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HP East Africa shares SME research on Counterfeit Printer Cartridges.

HP MD Charles Maina

One thing is certain, that the whole issue of counterfeit technology products finding their way into the marketplace is a really big issue throughout Africa. More often than not, businesses and consumers end up buying technology products they assume are authentic only to learn the hard way that what they have purchased is actually counterfeit – and often only when it fails to perform as expected. In this respect, HP is one of the technology industry leaders in Africa today taking the lead in ensuring that consumers and businesses can protect themselves from the risks involved in buying and using counterfeit products.

Currently, HP is running a comprehensive and educational marketing campaign in key markets throughout Africa that serves to inform the general public on how to avoid buying and using counterfeit HP printer cartridges. Earlier today, HP East Africa’s Charles Maina and Janet Thiong’o shared the following research findings gathered from small and medium sized businesses on counterfeit printer cartridges in Africa and Kenya which is an eye-opener:

General Facts on the African Market

  • The main criteria that organizations in Africa look for when choosing a supplier is the quality of the product (83 percent); 51 percent of organizations in the region also value long-standing relationships with their supplier based on trust and loyalty.
  • 37 percent of organizations in the region have been victims of counterfeit or suspect that they were sold or offered counterfeit Inkjet or LaserJet cartridges.
  • Most of the organizations in the region felt angry (57 percent) when they found out they were sold counterfeit cartridges; additionally 38 percent of respondents felt let down by their supplier.
  • African organizations cited print quality and inconsistency (69 percent) as the leading indicator to them of counterfeit cartridges.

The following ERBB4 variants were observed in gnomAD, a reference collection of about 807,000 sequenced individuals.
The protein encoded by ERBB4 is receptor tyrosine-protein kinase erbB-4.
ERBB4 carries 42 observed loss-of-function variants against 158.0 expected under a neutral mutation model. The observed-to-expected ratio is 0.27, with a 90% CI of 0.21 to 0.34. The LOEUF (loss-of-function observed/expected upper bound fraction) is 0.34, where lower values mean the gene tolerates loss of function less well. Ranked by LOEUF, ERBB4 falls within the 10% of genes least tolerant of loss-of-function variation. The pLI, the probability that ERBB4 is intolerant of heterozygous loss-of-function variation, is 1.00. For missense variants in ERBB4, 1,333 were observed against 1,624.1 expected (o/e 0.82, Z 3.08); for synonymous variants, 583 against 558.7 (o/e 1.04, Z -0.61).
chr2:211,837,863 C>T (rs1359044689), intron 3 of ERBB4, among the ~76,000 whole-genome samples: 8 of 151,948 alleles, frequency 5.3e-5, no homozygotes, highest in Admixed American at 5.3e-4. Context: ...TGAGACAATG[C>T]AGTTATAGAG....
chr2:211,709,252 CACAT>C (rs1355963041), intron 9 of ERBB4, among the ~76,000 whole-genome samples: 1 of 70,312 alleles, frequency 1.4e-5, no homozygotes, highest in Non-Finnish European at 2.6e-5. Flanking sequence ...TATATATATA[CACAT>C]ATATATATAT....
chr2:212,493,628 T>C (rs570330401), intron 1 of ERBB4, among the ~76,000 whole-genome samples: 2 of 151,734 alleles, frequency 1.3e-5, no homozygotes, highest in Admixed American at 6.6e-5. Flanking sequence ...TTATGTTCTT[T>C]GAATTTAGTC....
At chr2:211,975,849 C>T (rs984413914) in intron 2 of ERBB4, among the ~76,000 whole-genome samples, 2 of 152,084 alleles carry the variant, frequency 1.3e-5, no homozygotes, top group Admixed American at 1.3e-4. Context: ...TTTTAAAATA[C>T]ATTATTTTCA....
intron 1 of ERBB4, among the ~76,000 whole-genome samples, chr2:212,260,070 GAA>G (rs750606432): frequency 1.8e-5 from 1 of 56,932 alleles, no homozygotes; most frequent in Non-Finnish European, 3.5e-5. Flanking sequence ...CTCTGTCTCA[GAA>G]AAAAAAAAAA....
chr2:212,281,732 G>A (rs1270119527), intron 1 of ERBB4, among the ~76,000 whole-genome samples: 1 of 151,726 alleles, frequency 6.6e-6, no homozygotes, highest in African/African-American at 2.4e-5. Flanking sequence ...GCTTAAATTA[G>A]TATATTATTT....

• 90 percent of African organizations would consider changing their supplier if they discovered that they sell counterfeit cartridges.

Key findings from Small and Medium Sized Enterprises in Kenya

  • 28 percent of organizations in Kenya don’t conduct any research before purchasing Inkjet or LaserJet cartridges.

    HP’s Janet Thiong’o demonstrates genuine ink cartridges
  • Cartridge leaks were cited by more than 40 percent of respondents in Kenya after buying a counterfeit cartridge, slightly higher than the regional (African) average.
  • 31 percent of organizations in Kenya have either been offered or purchased counterfeit or suspected inkjet or LaserJet cartridges.
  • Kenyan organizations cited printer failure as their primary issue when buying counterfeits (64 percent).
  • Kenyan organizations (74 percent) are unique in citing “my computer alerted me that the cartridge might not be genuine”.
  • 58 percent of Kenyans cited that they would feel betrayed or deceived if the LaserJet cartridge they had purchased was counterfeit.
  • 73 percent of Kenyan organizations said that they check the packaging and security label before purchasing a cartridge; this is the highest in the region.
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